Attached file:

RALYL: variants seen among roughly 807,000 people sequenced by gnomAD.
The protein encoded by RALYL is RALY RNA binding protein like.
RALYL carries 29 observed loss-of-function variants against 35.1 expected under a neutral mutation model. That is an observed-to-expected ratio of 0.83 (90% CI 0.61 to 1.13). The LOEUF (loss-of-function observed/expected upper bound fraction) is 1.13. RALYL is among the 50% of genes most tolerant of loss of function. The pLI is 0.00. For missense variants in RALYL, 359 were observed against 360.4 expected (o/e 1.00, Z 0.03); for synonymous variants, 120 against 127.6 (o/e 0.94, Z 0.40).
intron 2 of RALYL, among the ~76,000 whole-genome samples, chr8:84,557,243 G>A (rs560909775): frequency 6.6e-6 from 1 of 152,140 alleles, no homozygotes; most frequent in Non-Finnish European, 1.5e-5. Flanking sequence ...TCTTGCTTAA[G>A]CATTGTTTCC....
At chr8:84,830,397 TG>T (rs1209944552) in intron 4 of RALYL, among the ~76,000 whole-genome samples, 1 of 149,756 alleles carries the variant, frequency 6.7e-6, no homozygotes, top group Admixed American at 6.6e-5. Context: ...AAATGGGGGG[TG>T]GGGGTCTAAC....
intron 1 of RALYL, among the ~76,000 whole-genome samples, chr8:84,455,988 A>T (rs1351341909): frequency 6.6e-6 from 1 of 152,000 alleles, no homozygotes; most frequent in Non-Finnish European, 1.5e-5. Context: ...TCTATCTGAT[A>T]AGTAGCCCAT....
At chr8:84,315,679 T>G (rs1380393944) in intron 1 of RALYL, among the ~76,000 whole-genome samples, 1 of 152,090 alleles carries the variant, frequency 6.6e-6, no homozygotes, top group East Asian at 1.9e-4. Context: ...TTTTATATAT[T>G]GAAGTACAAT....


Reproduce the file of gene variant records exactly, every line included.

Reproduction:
RALYL: variants seen among roughly 807,000 people sequenced by gnomAD.
The protein encoded by RALYL is RALY RNA binding protein like.
RALYL carries 29 observed loss-of-function variants against 35.1 expected under a neutral mutation model. That is an observed-to-expected ratio of 0.83 (90% CI 0.61 to 1.13). The LOEUF (loss-of-function observed/expected upper bound fraction) is 1.13. RALYL is among the 50% of genes most tolerant of loss of function. The pLI is 0.00. For missense variants in RALYL, 359 were observed against 360.4 expected (o/e 1.00, Z 0.03); for synonymous variants, 120 against 127.6 (o/e 0.94, Z 0.40).
intron 2 of RALYL, among the ~76,000 whole-genome samples, chr8:84,557,243 G>A (rs560909775): frequency 6.6e-6 from 1 of 152,140 alleles, no homozygotes; most frequent in Non-Finnish European, 1.5e-5. Flanking sequence ...TCTTGCTTAA[G>A]CATTGTTTCC....
At chr8:84,830,397 TG>T (rs1209944552) in intron 4 of RALYL, among the ~76,000 whole-genome samples, 1 of 149,756 alleles carries the variant, frequency 6.7e-6, no homozygotes, top group Admixed American at 6.6e-5. Context: ...AAATGGGGGG[TG>T]GGGGTCTAAC....
intron 1 of RALYL, among the ~76,000 whole-genome samples, chr8:84,455,988 A>T (rs1351341909): frequency 6.6e-6 from 1 of 152,000 alleles, no homozygotes; most frequent in Non-Finnish European, 1.5e-5. Context: ...TCTATCTGAT[A>T]AGTAGCCCAT....
At chr8:84,315,679 T>G (rs1380393944) in intron 1 of RALYL, among the ~76,000 whole-genome samples, 1 of 152,090 alleles carries the variant, frequency 6.6e-6, no homozygotes, top group East Asian at 1.9e-4. Context: ...TTTTATATAT[T>G]GAAGTACAAT....